'I'm always looking for the Hows and the Whys and the Whats,' said Muskrat, 'That is why I speak as I do. You've heard of Muskrat's Much-in-Little, of course?'
'No,' said the child. 'What is it?'
- The Mouse and his Child. Russell Hoban.
Go here to find out more.
Wednesday, 23 May 2012
I was rummaging through my image library just now (fortunately still intact despite the power surge thingy on Friday) and came across this image that I took down at the marina one time.
Reading the words started me thinking about shoes and rules...
When were were on the farm, as on most farms, there was a rule: No shoes inside. That was 'outside' shoes, of course. It made sense. Dairy farms are rife with smelly, clingy, brown stuff, and you don't want to get that on your carpets, I can tell you. Mostly we wore gumboots, anyway, and changed into slippers at the back porch.
Sometimes, if I had a broody hen, I might have put some eggs under her and there'd be chicks or ducklings around the house. Poultry poop may come in smaller packages, but it makes up for it in pong. And then there was the gigantic, aromatic blobs left by the turkeylings which, when grown used to roost on the roof every night ...
When we moved to town, to this house, I just carried on the indoor/ outdoor shoes rule. It was very convenient, especially as I'm not good at getting out the vacuum cleaner. The kids would sometimes head off down the bank or over to the park and come back exuberant and muddy. They'd clean their boots with the hose at the back door and leave them in the porch. Natalie was just 3, and although not always law-abiding when it came to not putting her fingers into things (sugar, butter, hot soup...), she was very clear about the No Shoes Inside rule. It's a family story how she gently but in a clear, high-pitched child-voice, pointed out to one visitor who took two steps inside without removing their shoes. "We take off our shoes when we come into the house."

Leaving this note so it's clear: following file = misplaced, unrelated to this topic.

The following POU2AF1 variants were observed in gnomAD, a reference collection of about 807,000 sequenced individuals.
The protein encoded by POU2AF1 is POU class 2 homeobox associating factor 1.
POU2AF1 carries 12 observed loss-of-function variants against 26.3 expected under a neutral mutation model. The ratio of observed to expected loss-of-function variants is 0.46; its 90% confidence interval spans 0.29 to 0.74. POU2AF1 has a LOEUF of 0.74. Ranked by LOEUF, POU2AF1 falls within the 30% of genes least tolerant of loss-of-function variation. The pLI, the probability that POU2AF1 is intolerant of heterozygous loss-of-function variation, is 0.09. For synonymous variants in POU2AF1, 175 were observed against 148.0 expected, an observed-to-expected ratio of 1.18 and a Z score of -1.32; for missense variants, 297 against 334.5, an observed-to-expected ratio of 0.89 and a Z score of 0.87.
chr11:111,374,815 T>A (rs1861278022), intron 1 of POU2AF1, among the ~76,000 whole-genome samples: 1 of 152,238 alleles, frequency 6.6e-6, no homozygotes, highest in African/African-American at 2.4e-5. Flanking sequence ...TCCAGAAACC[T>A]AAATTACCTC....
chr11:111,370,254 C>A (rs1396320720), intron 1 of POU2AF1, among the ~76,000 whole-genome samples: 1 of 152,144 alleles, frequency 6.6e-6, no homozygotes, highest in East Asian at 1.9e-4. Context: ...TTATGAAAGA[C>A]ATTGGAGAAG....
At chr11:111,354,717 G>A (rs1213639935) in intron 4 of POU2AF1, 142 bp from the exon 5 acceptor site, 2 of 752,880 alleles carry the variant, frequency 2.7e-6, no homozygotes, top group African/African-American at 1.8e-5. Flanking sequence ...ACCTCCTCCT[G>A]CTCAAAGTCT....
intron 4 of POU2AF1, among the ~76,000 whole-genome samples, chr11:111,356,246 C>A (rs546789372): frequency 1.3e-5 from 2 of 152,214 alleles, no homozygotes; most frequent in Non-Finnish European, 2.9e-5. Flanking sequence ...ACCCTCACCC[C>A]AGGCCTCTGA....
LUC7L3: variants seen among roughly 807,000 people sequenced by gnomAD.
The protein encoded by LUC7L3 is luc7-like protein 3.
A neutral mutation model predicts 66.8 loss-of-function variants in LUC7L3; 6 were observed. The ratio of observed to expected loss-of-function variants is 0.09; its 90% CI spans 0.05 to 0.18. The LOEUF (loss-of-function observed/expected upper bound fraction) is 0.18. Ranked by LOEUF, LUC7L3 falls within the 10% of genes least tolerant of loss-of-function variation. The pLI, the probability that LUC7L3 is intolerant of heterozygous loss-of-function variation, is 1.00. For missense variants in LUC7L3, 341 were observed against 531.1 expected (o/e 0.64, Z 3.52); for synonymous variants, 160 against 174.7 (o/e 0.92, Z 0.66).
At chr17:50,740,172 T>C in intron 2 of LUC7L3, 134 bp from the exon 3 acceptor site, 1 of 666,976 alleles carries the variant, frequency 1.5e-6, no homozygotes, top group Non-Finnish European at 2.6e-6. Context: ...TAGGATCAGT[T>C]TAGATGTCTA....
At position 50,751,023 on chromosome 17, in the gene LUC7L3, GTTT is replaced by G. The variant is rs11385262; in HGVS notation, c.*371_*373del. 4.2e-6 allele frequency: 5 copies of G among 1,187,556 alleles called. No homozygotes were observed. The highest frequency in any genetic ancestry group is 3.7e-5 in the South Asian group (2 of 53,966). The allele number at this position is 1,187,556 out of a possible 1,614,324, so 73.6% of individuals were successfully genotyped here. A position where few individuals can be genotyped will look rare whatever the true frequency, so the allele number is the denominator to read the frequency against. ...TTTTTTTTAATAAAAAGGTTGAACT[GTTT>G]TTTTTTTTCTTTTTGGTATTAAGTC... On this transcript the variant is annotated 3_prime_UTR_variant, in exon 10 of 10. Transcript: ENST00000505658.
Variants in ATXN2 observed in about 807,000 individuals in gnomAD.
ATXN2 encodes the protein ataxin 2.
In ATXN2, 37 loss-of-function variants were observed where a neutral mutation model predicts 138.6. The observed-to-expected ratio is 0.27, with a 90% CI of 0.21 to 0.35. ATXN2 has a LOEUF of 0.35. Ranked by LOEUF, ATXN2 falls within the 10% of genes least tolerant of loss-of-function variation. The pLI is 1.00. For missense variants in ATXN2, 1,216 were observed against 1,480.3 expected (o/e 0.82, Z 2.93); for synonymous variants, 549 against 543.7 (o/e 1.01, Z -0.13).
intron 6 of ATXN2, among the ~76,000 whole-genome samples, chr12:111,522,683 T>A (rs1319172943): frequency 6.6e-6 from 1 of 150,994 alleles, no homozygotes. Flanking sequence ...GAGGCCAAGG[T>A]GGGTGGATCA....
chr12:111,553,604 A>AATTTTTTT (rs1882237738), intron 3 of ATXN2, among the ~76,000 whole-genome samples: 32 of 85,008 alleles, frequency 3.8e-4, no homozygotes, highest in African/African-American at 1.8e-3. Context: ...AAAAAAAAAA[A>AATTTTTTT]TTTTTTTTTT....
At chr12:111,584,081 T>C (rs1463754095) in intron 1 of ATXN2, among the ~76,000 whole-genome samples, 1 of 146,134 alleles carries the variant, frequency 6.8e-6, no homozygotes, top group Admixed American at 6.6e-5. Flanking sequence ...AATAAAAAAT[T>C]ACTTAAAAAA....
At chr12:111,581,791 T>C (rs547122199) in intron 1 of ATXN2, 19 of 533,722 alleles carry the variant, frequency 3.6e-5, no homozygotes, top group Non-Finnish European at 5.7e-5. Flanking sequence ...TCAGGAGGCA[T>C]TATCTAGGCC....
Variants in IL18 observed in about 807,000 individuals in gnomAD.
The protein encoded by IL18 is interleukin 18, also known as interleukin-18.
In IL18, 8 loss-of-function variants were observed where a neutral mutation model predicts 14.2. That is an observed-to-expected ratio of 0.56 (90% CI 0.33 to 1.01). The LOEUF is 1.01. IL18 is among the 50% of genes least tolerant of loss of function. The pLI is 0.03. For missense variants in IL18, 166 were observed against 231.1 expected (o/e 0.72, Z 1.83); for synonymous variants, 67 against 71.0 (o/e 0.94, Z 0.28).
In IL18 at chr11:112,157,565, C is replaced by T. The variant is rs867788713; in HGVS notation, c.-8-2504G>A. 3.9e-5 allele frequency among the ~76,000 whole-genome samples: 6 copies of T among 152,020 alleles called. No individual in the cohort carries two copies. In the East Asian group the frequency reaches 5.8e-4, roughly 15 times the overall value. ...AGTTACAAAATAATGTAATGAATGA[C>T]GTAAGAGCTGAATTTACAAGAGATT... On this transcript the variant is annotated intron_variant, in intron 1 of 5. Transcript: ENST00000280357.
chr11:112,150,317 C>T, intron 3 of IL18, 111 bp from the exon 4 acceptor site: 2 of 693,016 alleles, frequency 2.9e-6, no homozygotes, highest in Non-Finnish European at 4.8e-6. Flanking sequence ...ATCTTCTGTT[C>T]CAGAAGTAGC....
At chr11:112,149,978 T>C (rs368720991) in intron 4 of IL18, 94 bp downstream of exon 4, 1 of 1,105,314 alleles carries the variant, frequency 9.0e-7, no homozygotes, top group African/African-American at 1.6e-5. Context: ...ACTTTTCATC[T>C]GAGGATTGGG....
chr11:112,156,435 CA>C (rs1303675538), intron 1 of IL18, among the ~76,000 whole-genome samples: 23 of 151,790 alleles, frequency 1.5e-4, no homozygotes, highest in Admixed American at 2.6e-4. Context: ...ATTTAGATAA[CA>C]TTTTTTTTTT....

Of course, it's a bit of an imposition to expect every visitor to remove their shoes, especially if the floor is cold, or the visitor is elderly and doesn't bend down so well any more. But I notice most people seem to do it when they come here. Perhaps Natalie got them trained well and it's still stuck even after 18 years. Or maybe the farmhouse feel is still here, even though this house has not been the centre of a farm for 50 or so years, the town having enveloped it in its urban arms.
I have toyed with the idea of having a set of stretchy knitted slippers at the door - Japanese-style. Friends of ours had a small tiled entrance patio affair just inside their front door that would be ideal. They had one carpeted step all around that you could sit on to pop your slippers on, and the outside shoes were left on the terra-cotta tiles, yet inside out of the weather. An idea for the next house, maybe.